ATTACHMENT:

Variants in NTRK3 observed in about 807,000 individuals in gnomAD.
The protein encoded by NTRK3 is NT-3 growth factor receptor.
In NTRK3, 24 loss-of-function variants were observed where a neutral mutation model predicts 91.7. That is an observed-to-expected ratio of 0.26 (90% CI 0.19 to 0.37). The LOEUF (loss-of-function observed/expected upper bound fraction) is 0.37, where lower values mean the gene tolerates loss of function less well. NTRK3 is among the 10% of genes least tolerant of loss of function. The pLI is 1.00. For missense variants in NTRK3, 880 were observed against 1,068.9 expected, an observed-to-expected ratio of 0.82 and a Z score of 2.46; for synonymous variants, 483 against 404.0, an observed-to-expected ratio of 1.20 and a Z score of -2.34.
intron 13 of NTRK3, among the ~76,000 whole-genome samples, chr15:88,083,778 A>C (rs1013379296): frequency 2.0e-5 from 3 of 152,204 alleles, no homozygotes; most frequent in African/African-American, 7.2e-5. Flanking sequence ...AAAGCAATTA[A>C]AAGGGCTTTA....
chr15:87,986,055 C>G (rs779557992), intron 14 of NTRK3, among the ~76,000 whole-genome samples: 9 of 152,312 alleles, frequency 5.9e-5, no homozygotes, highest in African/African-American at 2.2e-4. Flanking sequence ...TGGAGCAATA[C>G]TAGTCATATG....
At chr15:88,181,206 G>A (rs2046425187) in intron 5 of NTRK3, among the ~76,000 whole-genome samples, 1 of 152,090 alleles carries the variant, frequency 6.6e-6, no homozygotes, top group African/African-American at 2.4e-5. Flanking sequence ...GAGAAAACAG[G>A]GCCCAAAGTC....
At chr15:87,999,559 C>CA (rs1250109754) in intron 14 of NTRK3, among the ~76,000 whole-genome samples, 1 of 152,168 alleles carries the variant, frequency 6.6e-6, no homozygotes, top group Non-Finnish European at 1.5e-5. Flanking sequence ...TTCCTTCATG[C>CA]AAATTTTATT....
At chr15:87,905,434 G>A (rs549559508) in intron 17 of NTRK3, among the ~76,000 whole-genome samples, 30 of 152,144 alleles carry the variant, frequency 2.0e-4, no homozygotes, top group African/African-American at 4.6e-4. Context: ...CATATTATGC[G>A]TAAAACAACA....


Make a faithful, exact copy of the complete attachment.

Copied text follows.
Variants in NTRK3 observed in about 807,000 individuals in gnomAD.
The protein encoded by NTRK3 is NT-3 growth factor receptor.
In NTRK3, 24 loss-of-function variants were observed where a neutral mutation model predicts 91.7. That is an observed-to-expected ratio of 0.26 (90% CI 0.19 to 0.37). The LOEUF (loss-of-function observed/expected upper bound fraction) is 0.37, where lower values mean the gene tolerates loss of function less well. NTRK3 is among the 10% of genes least tolerant of loss of function. The pLI is 1.00. For missense variants in NTRK3, 880 were observed against 1,068.9 expected, an observed-to-expected ratio of 0.82 and a Z score of 2.46; for synonymous variants, 483 against 404.0, an observed-to-expected ratio of 1.20 and a Z score of -2.34.
intron 13 of NTRK3, among the ~76,000 whole-genome samples, chr15:88,083,778 A>C (rs1013379296): frequency 2.0e-5 from 3 of 152,204 alleles, no homozygotes; most frequent in African/African-American, 7.2e-5. Flanking sequence ...AAAGCAATTA[A>C]AAGGGCTTTA....
chr15:87,986,055 C>G (rs779557992), intron 14 of NTRK3, among the ~76,000 whole-genome samples: 9 of 152,312 alleles, frequency 5.9e-5, no homozygotes, highest in African/African-American at 2.2e-4. Flanking sequence ...TGGAGCAATA[C>G]TAGTCATATG....
At chr15:88,181,206 G>A (rs2046425187) in intron 5 of NTRK3, among the ~76,000 whole-genome samples, 1 of 152,090 alleles carries the variant, frequency 6.6e-6, no homozygotes, top group African/African-American at 2.4e-5. Flanking sequence ...GAGAAAACAG[G>A]GCCCAAAGTC....
At chr15:87,999,559 C>CA (rs1250109754) in intron 14 of NTRK3, among the ~76,000 whole-genome samples, 1 of 152,168 alleles carries the variant, frequency 6.6e-6, no homozygotes, top group Non-Finnish European at 1.5e-5. Flanking sequence ...TTCCTTCATG[C>CA]AAATTTTATT....
At chr15:87,905,434 G>A (rs549559508) in intron 17 of NTRK3, among the ~76,000 whole-genome samples, 30 of 152,144 alleles carry the variant, frequency 2.0e-4, no homozygotes, top group African/African-American at 4.6e-4. Context: ...CATATTATGC[G>A]TAAAACAACA....